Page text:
Filled with all of the heartache and angst one expects at summer camp, E. Lockhart has written a superfun book about growing up and growing apart, that theater geeks as well as those who have never even heard of Guys and Dolls will eat up.
I am as far from a theater person as you can get. My high school didn't even have a drama option, and musicals give me a rash, but I truly enjoyed this book!
Monday, May 14, 2007
Angela has finally decided on her new name. Grady. Gender ambiguous and perfect. But when she lets her family know her decision, she is met with a distinct chill.
Angela had been homeschooled until she hit her sophmore year in highschool. She and Eve had been best buddies, and the fact that Angela never felt like she fit into a girl mode was not that big of a problem. Not until the uber-girliness comparisons of highschool. She had first come out as a lesbian, but that didn't feel right either. She doesn't feel like a girl who likes girls, she feels like a boy who like girls.
Imagine it. Imagine binding down your chest, chopping off your hair, buying some boys clothes. Imagine changing your whole identity...rather revealing your whole identity.
Grady is lucky in a way. He first reveals himself to classmate Sebastian. Sebastian is a geek, but has managed to be friendly with everyone. Sebastian's reaction to Grady's announcement is to exclaim, "Wow!...You're just like the stoplight parrotfish!" Not exactly the reaction Grady was expecting, but not the worst reaction either.
But all reactions to Grady are not so positive. Mean girl Danya has decided that Grady is a pervert and hatches a plan to embarass him infront of everyone. Some teachers refuse to call Grady anything but Angela. And then there are the logistics of where to go to the bathroom, and what to do with a crush.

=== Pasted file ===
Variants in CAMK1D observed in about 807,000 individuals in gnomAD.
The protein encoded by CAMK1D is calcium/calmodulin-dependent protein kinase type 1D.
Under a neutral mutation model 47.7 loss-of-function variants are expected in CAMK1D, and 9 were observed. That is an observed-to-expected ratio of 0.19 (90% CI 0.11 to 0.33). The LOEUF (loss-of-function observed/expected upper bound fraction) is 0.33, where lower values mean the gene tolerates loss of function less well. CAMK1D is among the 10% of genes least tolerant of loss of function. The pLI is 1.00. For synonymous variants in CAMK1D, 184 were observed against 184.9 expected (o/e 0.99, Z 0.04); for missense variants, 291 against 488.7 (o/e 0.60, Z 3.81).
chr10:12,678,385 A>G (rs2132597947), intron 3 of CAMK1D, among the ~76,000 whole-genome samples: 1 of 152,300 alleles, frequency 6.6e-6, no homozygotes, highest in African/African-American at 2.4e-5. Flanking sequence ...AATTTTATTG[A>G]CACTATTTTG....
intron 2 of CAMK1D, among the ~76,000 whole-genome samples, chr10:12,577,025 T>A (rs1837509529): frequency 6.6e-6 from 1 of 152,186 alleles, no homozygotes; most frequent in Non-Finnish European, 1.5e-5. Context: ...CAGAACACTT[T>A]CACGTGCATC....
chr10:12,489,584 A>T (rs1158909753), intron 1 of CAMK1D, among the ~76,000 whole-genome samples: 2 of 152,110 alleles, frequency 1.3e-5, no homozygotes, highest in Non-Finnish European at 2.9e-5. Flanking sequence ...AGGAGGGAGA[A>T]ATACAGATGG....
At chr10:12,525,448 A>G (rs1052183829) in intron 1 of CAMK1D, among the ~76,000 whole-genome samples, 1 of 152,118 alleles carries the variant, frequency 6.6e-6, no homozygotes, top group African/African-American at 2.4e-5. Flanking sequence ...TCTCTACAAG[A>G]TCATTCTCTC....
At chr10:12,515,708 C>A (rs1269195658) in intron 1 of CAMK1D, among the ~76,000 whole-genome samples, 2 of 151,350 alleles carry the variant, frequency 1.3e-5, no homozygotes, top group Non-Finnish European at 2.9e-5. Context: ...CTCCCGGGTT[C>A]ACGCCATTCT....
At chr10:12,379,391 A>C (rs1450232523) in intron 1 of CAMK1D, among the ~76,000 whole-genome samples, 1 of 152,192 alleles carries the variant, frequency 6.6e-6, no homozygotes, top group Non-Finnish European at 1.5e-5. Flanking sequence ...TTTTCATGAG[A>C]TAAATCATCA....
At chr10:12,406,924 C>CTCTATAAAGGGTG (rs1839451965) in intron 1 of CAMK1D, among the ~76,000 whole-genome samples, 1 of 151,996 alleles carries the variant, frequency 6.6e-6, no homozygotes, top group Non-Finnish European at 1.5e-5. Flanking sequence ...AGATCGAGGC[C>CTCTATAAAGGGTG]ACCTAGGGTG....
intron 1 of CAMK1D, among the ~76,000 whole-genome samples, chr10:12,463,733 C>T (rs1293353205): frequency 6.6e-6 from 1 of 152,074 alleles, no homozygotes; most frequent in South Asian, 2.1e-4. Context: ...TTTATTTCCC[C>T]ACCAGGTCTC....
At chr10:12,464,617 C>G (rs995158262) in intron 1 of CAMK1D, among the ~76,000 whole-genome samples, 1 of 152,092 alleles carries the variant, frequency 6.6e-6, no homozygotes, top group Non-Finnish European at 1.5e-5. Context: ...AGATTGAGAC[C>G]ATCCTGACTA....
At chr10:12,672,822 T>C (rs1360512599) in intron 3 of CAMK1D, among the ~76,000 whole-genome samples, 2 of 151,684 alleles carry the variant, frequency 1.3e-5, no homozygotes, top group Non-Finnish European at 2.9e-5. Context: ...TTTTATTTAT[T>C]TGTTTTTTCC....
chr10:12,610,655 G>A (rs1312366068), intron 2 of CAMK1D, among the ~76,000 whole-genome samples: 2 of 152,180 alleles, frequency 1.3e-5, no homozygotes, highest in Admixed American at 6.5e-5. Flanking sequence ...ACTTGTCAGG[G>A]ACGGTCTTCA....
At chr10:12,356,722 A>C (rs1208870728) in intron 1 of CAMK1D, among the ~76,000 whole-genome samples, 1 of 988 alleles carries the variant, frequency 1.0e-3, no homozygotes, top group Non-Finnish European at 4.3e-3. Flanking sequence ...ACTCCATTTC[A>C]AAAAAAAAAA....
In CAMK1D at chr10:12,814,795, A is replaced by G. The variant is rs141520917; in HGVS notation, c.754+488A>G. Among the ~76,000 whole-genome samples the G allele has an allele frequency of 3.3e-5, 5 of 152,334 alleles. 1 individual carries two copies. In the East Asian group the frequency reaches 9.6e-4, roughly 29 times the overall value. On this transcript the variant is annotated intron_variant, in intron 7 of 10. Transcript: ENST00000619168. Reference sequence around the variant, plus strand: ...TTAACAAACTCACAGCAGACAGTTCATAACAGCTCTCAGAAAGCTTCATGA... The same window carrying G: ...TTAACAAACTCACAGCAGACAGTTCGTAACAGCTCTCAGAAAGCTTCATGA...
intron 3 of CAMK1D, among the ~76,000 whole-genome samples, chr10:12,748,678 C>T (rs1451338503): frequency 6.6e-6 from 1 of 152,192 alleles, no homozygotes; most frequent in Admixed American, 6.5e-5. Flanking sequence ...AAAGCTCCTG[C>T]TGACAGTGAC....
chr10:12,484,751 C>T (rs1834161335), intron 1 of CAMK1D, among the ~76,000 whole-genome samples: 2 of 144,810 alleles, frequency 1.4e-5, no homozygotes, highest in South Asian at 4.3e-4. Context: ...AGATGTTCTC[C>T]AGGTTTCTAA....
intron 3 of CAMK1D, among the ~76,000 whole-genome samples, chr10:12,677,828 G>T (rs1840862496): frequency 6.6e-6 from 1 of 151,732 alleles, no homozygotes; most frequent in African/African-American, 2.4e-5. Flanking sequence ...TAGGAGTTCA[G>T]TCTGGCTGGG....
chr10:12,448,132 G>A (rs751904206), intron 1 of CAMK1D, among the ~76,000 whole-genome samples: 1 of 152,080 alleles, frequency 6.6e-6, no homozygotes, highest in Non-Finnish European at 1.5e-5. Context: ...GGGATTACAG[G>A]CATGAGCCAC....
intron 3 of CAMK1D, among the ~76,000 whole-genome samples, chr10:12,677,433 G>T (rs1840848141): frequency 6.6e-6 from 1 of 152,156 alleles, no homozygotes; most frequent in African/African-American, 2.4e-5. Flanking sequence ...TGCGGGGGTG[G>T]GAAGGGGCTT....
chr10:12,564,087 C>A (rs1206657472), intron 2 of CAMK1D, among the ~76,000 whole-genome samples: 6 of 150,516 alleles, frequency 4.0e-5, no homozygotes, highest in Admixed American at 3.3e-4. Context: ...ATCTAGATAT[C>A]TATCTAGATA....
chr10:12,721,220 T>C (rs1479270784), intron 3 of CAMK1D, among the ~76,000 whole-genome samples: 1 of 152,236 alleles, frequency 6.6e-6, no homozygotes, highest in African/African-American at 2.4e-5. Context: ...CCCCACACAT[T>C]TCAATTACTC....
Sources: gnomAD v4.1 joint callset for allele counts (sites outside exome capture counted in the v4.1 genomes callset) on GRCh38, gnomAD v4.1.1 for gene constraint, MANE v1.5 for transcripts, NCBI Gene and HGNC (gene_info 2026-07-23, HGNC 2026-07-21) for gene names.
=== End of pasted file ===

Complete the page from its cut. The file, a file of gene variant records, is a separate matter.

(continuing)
Ellen Wittlinger has written a story about the search to fit in a world that is either male or female. Readers are forced to face their own stereotypes and opinions about gender identity. This is a book that will fill a large void in the YA lit world, and would make for an amazing classroom read (at least at the school I work in). I had a couple of problems with the way that Grady waxes poetic about Kita's ethnicity, but other than that, this is a solid novel with likable (and not so likeable) characters. You will be rooting for Grady and loving Sebastian before you know it!
Monday, May 07, 2007
Why do I get so excited about BookExpo?
Lots of my librarian friends and colleagues go to these things with a "Been there, done that" sort of attitude. No matter how many times I score a free book, I feel the rush!
I love meeting authors. I love meeting fellow librarians and bloggers. So if anyone else is going to be there, drop me a line. I am going on the Friday, and plan on spending the day!
Last time I was all pregnant and tired. This afforded me no sympathy. (See my previous blog entry from 2 years ago here!) No more belly, and my elbows are ready for shoving! I also come with the supreme knowledge that while rolly bags are not allowed on the floor, you can bring one and check it...thus making the trip home, tres facile!